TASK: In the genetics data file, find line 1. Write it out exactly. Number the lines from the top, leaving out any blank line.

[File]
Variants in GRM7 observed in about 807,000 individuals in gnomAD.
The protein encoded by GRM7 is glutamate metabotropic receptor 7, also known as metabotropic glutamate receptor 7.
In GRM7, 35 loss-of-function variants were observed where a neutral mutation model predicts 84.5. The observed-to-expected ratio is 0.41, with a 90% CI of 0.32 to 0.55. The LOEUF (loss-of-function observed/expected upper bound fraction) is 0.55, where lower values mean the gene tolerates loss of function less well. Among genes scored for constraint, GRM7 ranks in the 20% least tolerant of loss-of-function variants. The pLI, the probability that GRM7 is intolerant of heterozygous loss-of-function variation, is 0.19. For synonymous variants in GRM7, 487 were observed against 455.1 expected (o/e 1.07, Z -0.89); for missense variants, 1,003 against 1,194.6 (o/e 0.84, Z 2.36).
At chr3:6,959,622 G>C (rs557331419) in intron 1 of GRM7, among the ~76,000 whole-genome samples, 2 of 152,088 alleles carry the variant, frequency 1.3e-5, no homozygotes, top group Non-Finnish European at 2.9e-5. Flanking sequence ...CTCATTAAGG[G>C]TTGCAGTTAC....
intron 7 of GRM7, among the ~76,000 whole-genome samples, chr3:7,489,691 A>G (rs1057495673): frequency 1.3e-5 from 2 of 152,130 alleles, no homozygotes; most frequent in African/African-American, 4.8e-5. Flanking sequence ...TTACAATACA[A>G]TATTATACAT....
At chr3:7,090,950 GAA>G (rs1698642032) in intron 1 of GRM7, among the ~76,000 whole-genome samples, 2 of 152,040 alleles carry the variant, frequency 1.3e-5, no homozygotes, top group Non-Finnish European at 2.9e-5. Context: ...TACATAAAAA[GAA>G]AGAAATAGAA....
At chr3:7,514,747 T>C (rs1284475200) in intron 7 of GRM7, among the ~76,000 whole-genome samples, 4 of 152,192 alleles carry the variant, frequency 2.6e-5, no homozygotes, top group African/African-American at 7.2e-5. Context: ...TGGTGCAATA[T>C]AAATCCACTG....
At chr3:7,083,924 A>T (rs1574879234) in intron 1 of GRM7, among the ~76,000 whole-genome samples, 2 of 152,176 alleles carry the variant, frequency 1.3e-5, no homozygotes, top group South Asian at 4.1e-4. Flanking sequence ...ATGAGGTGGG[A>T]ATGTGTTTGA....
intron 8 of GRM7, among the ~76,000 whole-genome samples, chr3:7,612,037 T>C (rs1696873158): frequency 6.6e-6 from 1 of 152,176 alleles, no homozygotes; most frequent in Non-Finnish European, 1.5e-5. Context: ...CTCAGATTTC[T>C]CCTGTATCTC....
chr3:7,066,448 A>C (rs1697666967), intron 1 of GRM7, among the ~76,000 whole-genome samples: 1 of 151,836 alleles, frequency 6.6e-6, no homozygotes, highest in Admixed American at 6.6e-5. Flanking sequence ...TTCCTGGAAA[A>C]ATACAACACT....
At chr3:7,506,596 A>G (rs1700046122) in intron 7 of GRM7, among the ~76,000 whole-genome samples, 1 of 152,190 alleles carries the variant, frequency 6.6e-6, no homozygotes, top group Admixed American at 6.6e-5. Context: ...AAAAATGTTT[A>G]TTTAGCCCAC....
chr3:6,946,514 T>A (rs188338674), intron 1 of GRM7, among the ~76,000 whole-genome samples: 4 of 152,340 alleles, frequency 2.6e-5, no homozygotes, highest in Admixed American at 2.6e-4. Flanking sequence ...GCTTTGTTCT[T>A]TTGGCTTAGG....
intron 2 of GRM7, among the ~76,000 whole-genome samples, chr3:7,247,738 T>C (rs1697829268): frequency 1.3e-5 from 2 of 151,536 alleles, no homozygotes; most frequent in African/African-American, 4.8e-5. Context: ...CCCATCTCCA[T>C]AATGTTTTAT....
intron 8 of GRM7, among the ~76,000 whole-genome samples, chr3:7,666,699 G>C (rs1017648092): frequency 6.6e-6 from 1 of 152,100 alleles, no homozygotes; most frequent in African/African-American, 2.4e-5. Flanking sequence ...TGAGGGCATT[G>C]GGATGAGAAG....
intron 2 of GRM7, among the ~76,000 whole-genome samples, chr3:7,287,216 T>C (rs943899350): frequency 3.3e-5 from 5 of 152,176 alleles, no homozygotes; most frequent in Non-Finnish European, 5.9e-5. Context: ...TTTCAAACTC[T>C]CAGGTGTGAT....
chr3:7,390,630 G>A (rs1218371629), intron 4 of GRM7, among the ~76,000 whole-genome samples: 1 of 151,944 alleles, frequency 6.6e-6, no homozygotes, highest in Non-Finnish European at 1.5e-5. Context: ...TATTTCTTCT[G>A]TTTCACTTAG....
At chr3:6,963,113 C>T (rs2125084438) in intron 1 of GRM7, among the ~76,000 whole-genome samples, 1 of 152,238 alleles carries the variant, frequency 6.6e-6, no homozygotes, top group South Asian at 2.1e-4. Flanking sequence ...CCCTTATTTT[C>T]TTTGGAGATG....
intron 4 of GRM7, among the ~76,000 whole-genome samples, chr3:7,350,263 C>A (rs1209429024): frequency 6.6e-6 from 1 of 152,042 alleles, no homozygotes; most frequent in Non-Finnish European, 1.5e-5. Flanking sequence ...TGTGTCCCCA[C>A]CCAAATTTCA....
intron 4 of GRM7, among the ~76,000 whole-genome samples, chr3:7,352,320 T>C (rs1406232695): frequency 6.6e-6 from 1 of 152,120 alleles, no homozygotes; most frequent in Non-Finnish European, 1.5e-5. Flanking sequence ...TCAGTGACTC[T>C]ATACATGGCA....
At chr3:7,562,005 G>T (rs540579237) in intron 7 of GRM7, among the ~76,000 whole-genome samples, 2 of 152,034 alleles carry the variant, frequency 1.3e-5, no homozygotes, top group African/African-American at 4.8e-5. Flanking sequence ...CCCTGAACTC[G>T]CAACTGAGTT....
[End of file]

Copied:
Variants in GRM7 observed in about 807,000 individuals in gnomAD.